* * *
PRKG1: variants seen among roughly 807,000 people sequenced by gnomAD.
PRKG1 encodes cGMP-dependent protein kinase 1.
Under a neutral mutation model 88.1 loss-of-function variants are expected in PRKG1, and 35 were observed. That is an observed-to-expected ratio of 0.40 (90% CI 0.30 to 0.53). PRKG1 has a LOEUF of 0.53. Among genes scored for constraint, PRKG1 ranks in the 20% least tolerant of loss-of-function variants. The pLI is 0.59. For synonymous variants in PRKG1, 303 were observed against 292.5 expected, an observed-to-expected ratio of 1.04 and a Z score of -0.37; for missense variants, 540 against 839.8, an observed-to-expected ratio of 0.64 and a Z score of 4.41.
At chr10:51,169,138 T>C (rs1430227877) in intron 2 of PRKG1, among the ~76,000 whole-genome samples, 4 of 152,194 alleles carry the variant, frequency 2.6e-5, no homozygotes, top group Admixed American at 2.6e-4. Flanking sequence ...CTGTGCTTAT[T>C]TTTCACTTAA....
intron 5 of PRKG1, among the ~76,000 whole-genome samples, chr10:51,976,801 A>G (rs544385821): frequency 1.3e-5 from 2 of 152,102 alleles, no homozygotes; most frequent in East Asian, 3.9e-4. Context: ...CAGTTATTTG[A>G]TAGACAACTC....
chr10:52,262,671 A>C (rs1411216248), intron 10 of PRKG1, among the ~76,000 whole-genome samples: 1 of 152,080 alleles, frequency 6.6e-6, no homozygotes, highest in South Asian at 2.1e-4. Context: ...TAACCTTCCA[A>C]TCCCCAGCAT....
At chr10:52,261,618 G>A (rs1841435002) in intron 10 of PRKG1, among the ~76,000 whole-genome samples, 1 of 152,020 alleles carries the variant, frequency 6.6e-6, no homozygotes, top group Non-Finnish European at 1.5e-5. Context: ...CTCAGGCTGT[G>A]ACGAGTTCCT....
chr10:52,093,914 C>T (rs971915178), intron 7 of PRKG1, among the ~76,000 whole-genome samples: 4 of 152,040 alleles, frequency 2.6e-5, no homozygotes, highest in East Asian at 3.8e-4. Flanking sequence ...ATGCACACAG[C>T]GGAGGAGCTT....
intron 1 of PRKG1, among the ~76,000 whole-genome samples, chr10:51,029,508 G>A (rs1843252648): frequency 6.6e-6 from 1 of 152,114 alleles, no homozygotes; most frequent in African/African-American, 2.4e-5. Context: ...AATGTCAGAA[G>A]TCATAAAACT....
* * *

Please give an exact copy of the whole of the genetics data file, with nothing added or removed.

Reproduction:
PRKG1: variants seen among roughly 807,000 people sequenced by gnomAD.
PRKG1 encodes cGMP-dependent protein kinase 1.
Under a neutral mutation model 88.1 loss-of-function variants are expected in PRKG1, and 35 were observed. That is an observed-to-expected ratio of 0.40 (90% CI 0.30 to 0.53). PRKG1 has a LOEUF of 0.53. Among genes scored for constraint, PRKG1 ranks in the 20% least tolerant of loss-of-function variants. The pLI is 0.59. For synonymous variants in PRKG1, 303 were observed against 292.5 expected, an observed-to-expected ratio of 1.04 and a Z score of -0.37; for missense variants, 540 against 839.8, an observed-to-expected ratio of 0.64 and a Z score of 4.41.
At chr10:51,169,138 T>C (rs1430227877) in intron 2 of PRKG1, among the ~76,000 whole-genome samples, 4 of 152,194 alleles carry the variant, frequency 2.6e-5, no homozygotes, top group Admixed American at 2.6e-4. Flanking sequence ...CTGTGCTTAT[T>C]TTTCACTTAA....
intron 5 of PRKG1, among the ~76,000 whole-genome samples, chr10:51,976,801 A>G (rs544385821): frequency 1.3e-5 from 2 of 152,102 alleles, no homozygotes; most frequent in East Asian, 3.9e-4. Context: ...CAGTTATTTG[A>G]TAGACAACTC....
chr10:52,262,671 A>C (rs1411216248), intron 10 of PRKG1, among the ~76,000 whole-genome samples: 1 of 152,080 alleles, frequency 6.6e-6, no homozygotes, highest in South Asian at 2.1e-4. Context: ...TAACCTTCCA[A>C]TCCCCAGCAT....
At chr10:52,261,618 G>A (rs1841435002) in intron 10 of PRKG1, among the ~76,000 whole-genome samples, 1 of 152,020 alleles carries the variant, frequency 6.6e-6, no homozygotes, top group Non-Finnish European at 1.5e-5. Context: ...CTCAGGCTGT[G>A]ACGAGTTCCT....
chr10:52,093,914 C>T (rs971915178), intron 7 of PRKG1, among the ~76,000 whole-genome samples: 4 of 152,040 alleles, frequency 2.6e-5, no homozygotes, highest in East Asian at 3.8e-4. Flanking sequence ...ATGCACACAG[C>T]GGAGGAGCTT....
intron 1 of PRKG1, among the ~76,000 whole-genome samples, chr10:51,029,508 G>A (rs1843252648): frequency 6.6e-6 from 1 of 152,114 alleles, no homozygotes; most frequent in African/African-American, 2.4e-5. Context: ...AATGTCAGAA[G>A]TCATAAAACT....